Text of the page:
This decrease has occurred at the same time as the number of uninsured Americans increased to 45.5 million in 2004, signaling growing stress on the health care safety net.

“The decline in physician charity care—long a critical part of the safety net—is alarming given the increase in the number of uninsured Americans,” said Paul B. Ginsburg, PhD, President of the Center, a nonpartisan policy research organization funded principally by the Robert Wood Johnson Foundation.

Despite the decrease in the proportion of physicians providing charity care, the number has remained relatively stable, because the overall number of practicing physicians increased from about 347,000 in 1996–97 to 397,000 in 2004–05. Nevertheless, the amount of charity care provided has dropped—falling from 7.7 hours per week to 6.3 hours. Most of this decrease has occurred since 2000–2001, primarily because of the dramatic increase in the number of uninsured.

“Already there are signs that uninsured Americans are having more problems getting care, and if the decline in physician charity care continues, those problems are going to get worse,” said the Center's Senior Researcher, Peter J. Cunningham, PhD.

The report concludes that ongoing financial pressures and changes in physician practice arrangements may account, in part, for the continuing decline in the provision of charity care.

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• Report Describes Cancer Burden Two Decades after Chernobyl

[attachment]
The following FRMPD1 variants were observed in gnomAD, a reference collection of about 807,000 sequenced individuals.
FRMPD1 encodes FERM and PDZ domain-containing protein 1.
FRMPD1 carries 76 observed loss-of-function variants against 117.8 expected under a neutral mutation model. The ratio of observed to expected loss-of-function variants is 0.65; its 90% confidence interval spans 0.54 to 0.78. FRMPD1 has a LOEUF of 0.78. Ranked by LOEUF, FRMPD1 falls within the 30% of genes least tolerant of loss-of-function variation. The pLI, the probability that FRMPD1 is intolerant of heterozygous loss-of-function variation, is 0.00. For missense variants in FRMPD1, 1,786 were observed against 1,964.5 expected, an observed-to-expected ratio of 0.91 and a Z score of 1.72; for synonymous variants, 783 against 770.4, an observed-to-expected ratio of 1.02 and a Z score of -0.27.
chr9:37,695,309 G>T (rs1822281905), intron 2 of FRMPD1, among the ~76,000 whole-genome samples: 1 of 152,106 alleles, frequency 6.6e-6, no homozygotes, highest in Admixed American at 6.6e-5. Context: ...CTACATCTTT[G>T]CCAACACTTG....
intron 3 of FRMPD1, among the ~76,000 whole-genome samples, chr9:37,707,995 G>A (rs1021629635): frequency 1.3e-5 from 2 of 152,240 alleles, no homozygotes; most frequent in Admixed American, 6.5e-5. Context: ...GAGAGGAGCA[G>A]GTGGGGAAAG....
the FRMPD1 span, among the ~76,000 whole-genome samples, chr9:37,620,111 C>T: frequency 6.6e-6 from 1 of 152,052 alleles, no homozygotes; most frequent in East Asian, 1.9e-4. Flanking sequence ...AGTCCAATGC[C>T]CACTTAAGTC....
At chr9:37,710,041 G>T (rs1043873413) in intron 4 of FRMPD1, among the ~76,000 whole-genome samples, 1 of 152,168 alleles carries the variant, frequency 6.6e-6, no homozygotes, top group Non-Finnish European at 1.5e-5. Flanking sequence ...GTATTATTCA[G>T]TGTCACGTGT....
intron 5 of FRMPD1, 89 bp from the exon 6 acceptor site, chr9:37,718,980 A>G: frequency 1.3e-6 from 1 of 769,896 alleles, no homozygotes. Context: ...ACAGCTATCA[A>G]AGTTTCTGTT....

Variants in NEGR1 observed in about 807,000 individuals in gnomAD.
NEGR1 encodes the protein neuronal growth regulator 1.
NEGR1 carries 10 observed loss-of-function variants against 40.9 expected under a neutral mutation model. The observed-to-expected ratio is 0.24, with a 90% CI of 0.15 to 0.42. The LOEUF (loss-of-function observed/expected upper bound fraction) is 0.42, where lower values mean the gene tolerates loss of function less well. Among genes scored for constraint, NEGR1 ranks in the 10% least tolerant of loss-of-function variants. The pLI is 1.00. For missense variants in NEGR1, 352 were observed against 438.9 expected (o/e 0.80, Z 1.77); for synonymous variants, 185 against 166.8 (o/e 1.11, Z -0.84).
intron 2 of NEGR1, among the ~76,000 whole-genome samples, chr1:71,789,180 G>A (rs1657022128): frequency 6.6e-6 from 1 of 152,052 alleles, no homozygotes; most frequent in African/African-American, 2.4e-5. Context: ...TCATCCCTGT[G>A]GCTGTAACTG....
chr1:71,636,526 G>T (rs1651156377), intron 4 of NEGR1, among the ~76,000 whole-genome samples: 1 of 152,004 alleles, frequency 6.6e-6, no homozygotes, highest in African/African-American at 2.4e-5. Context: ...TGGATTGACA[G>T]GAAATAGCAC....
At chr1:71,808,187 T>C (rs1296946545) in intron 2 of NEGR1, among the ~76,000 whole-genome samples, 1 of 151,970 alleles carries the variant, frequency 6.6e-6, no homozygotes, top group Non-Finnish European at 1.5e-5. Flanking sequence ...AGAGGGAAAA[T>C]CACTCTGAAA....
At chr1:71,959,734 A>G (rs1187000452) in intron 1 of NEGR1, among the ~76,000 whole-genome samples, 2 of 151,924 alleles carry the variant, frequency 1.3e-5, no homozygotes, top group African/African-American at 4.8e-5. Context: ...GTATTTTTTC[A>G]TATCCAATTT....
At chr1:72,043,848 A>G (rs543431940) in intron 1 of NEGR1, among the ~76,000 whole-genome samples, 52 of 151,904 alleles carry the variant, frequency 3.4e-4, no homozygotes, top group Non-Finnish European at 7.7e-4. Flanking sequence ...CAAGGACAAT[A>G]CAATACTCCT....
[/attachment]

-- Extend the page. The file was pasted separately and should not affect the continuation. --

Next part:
Twenty years after the world's worst nuclear power plant accident, the full health effects of Chernobyl are still difficult to assess.

Peter Boyle, PhD, Director of the International Agency for Research on Cancer (IARC), established an international working group in June 2005 to study the cancer consequences after the accident in the Ukraine, and the conclusions were published in the April 20, 2006 issue of International Journal of Cancer.

“Because the cancer burden from Chernobyl cannot yet be directly measured, the working group relied on risk-prediction models developed from studies of other populations exposed to radiation in other settings, particularly the atomic bomb survivors in Japan,” Dr. Boyle said.

Figure. IA

Figure. IA

“Based on these models, the number of cancer cases in Europe resulting from radiation exposure from the Chernobyl accident in the lifetime of exposed populations is expected to be large in absolute terms.”

Elisabeth Cardis, MD, head of the IARC Radiation Group, provided greater detail: “By 2065, predictions based on these models indicate that about 16,000 cases of thyroid cancer and 25,000 cases of other cancers may be expected due to radiation from the accident, with about 16,000 deaths.”

Most of the cancer burden rests with the most exposed populations. “About two thirds of the thyroid cancer cases and at least half of the other cancers are expected to occur in Belarus, Ukraine and the most contaminated territories of the Russian Federation,” she said. Three countries are in close proximity to the site of the accident.

“While these figures reflect human suffering and death, they nevertheless represent only a very small fraction of the total number of cancers seen since the accident and expected in the future in Europe,” Dr. Cardis continued. “Indeed, our analysis of the trends in cancer incidence and mortality does not demonstrate any increase that can be attributed to the Chernobyl accident. The exception is thyroid cancer, which 10 years ago, increased in the contaminated areas near the site of the accident.”

Dr. Boyle said that the study is unique in that it applies state-of-the-art radiation risk-projection models to updated estimates of radiation dose from Chernobyl throughout Europe, and includes a comprehensive examination of trends in cancer incidence and mortality data. The study provides the best estimate to date of the effect of the Chernobyl accident on cancer in Europe.

To put it in perspective, he said, “tobacco smoking will cause several thousand times more cancers in the same population.”

© 2006 Lippincott Williams & Wilkins, Inc.